1. Our scans beat your sketches. Falk and company point out a lot of shortcoming in the sketches Martin offers. The brain drawings lack crucial details about their structure, and the skull drawings are not accompanied by any information about what they look like inside. “Without this evidence,” Falk and company write, “the assertions of Martin et al remain unsubstantiated and difficult to address in further detail.”

2. Who said anything about a dwarf Homo erectus? Falk and her colleagues point out that while the brain had a Homo erectus-structure, they wrote that it “is too small to be attributed to normal dwarfing on H. erectus and further showed that its relative brain size is consistent with those of apes/australopithecines.” Australopithecines were an early wave of hominid species that lived from about 4.5 million to 2.5 million years ago. They could walk upright, but they were short and had brains not much bigger than a chimpanzee’s. And there’s no clear evidence from the fossil record that they ever left Africa. Homo erectus is among the earliest hominids to be found out of Africa.

That’s it. Frankly, I had a feeling of deja vu reading this material. Last October, I wrote about another attack in Science. Those critics had microcephalic brains of their own to show, but Falk argued that they also failed to analyze the brains in a consistent way. I wondered then, and I wonder now, why the editors of Science don’t make sure that everyone agrees on the ground rules for comparing these brains before they publish? Otherwise both sides just squabble about methods and presentation, rather than about meatier matters.

The problem may be that in both cases Science has relegated this exchange to the “Technical Comment” section, where reports are much shorter than normal papers. The descriptions of methods used in the research are often scant, and the comments also tend to include cryptic interpretations that cry out for more explanation. Falk and her colleagues say that the Hobbit’s brain is consistent with apes or australopithecines, not Homo erectus. Now, I’d imagine that this might imply that the Hobbit descends not from Homo erectus, but from some Australopithecine that came out of Africa. That would be huge news if true. Yet the scientists just leave us hanging with a statement that is so cryptic as to be nearly useless.

I hope that the debate doesn’t keep circling this way until someone finds a new fossil on Flores or some other Indonesian island. We hobbit junkies need a better fix.

CATEGORIZED UNDER: Hobbits (Homo floresiensis)

Kate Wong on the Hobbit Trail

By Carl Zimmer | March 22, 2006 8:56 pm

Kate Wong, Scientific American’s excellent paleo reporter has a two-parter on the latest dish on Homo floresiensis a k a the Hobbit. No cymbal crashes, I’m afraid, but interesting nonetheless.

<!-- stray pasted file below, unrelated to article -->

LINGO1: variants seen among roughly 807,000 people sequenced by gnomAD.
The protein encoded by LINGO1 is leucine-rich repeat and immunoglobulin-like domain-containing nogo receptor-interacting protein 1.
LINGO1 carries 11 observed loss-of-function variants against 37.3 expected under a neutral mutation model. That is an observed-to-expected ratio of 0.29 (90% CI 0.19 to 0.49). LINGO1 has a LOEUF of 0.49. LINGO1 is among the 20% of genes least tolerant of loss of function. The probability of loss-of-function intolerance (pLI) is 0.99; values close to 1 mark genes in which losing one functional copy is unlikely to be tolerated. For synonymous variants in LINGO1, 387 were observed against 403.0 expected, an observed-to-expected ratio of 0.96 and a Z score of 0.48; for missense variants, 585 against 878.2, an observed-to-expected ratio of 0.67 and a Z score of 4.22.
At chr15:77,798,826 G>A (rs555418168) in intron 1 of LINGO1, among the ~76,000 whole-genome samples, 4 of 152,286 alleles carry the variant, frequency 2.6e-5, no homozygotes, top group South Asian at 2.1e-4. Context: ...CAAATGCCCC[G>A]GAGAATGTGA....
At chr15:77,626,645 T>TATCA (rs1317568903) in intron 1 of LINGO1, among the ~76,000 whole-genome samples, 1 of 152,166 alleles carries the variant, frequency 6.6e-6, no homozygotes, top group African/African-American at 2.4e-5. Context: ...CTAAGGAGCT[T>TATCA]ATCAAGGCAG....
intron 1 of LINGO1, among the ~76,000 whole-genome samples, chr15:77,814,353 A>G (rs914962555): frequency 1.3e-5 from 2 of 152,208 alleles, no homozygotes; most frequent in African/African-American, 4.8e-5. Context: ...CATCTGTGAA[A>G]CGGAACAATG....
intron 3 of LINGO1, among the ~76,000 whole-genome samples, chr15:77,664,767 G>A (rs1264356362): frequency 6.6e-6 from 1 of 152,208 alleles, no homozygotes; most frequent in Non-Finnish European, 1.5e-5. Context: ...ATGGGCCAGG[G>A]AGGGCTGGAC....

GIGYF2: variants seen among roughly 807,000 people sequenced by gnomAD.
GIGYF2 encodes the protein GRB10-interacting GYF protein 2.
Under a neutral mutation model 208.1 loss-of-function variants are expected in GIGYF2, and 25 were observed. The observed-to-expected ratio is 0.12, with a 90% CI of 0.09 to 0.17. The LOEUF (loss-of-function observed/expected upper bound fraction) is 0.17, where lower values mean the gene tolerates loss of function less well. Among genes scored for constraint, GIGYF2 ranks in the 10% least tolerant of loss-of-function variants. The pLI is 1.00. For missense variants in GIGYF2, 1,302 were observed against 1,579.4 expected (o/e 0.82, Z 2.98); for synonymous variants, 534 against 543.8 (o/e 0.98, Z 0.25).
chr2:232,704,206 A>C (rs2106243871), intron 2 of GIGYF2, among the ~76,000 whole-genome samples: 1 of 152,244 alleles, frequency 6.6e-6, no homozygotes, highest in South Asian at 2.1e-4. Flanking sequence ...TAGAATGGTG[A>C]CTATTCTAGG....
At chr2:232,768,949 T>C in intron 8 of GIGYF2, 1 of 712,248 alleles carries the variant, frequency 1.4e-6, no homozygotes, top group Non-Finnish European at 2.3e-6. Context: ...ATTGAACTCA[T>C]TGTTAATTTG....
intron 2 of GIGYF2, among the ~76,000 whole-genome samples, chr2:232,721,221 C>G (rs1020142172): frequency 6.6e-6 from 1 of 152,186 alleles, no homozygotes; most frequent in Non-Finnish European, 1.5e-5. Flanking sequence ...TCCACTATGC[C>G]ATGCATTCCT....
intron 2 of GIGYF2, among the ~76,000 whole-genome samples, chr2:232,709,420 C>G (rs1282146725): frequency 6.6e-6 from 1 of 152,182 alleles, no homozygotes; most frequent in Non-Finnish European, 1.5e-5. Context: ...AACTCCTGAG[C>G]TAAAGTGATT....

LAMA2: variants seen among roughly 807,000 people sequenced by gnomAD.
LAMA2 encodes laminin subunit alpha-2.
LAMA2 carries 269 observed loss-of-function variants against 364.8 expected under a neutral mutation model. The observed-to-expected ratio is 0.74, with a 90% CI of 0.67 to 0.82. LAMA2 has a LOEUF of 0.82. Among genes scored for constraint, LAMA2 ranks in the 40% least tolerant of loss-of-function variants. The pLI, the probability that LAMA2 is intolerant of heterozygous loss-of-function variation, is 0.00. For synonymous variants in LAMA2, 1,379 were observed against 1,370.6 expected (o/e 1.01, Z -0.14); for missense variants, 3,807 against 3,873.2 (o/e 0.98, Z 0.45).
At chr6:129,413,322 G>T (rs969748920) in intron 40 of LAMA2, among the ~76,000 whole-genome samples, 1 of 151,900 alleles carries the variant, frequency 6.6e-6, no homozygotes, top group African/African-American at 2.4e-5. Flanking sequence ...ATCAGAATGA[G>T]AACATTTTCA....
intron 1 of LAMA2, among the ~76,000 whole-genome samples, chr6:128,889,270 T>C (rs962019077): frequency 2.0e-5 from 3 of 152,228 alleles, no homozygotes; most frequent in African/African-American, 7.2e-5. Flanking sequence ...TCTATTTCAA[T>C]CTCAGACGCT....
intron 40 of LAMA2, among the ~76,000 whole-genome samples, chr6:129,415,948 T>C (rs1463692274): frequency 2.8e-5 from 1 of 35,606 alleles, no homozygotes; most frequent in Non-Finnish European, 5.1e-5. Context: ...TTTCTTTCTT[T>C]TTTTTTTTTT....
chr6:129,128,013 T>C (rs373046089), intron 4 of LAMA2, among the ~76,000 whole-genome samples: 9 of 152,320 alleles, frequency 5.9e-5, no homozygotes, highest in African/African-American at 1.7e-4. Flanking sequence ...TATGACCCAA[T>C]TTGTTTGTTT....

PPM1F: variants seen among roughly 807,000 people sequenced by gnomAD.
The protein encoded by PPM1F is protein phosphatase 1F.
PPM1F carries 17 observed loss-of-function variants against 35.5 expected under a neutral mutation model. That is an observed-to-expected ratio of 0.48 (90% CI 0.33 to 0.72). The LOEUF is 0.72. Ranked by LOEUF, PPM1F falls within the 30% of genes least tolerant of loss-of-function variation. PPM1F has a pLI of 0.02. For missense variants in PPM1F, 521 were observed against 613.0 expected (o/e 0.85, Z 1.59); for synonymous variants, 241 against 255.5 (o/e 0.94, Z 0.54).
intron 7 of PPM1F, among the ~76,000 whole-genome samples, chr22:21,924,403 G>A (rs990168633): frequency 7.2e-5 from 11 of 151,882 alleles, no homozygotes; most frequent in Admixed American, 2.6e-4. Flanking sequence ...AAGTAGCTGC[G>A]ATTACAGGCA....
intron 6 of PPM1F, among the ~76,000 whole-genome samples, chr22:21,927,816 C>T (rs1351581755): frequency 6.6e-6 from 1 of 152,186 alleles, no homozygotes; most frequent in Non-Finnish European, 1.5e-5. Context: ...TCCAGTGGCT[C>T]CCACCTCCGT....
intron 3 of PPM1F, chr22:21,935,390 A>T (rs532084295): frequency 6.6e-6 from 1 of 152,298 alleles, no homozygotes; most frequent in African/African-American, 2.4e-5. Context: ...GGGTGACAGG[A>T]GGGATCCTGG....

Do Not Arm-Wrestle With Hobbits

By Carl Zimmer | February 8, 2006 11:02 pm

hobbit head-lo.jpgPeter Brown, one of the discoverers of Homo floresiensis a k a the Hobbit (previous posts here), had a few interesting remarks in an article in today’s Oregon Daily Emerald:

Though the hobbit people were very small — the adult stood as tall as a 3-year-old human child and had a brain the size of a newborn human baby — they had incredible strength, Brown said.

“Chimpanzees have an arm strength four times that of a human; the hobbits were similarly as strong, we think,” Brown said. “You wouldn’t want to arm wrestle one, that’s for sure. It would probably snap your arm off.”

Since the discovery of the first female, a mostly complete skeleton, Brown’s team has found parts of six or seven others that are mostly the same as the first one, Brown said.

“We have found about half of the remains of a 3-year-old that is half-a-meter tall,” he said. “You could put its leg across an American $1 bill.”


The Hobbit’s Brain

By Carl Zimmer | March 3, 2005 2:00 pm

hobbit brain.gifAt 1 p.m. today I listened by phone to a press conference in Washington where scientists presented the first good look inside a Hobbit’s head. The view is fascinating. While it may help clear up some mysteries, it seems to throw others wide open.

Last October, a team of Australian scientists declared that they had found a new species of hominid that lived as recently as 12,000 years ago. It was short–maybe three and a half feet tall–and had a brain they estimated to be about the size of a chimp’s. Its bones were found along with stone tools, suggesting that it made good use of its scant grey matter. The fossils of this remarkable hominid were discovered in a cave on the island of Flores, which gave the hominid its name: Homo floresiensis.

As soon as the news broke of the discovery, some researchers expressed grave doubts. They suggested that H. floresiensis was actually just a group of human pygmies. The fossils discovered on Flores include only a single skull, and these skeptics suggested that its small size might be the result of a genetic defect known as microcephaly. If H. floresiensis’s discoverers had found another skull instead, it would likely have displayed the sort of shape you’d find on a living pygmy human.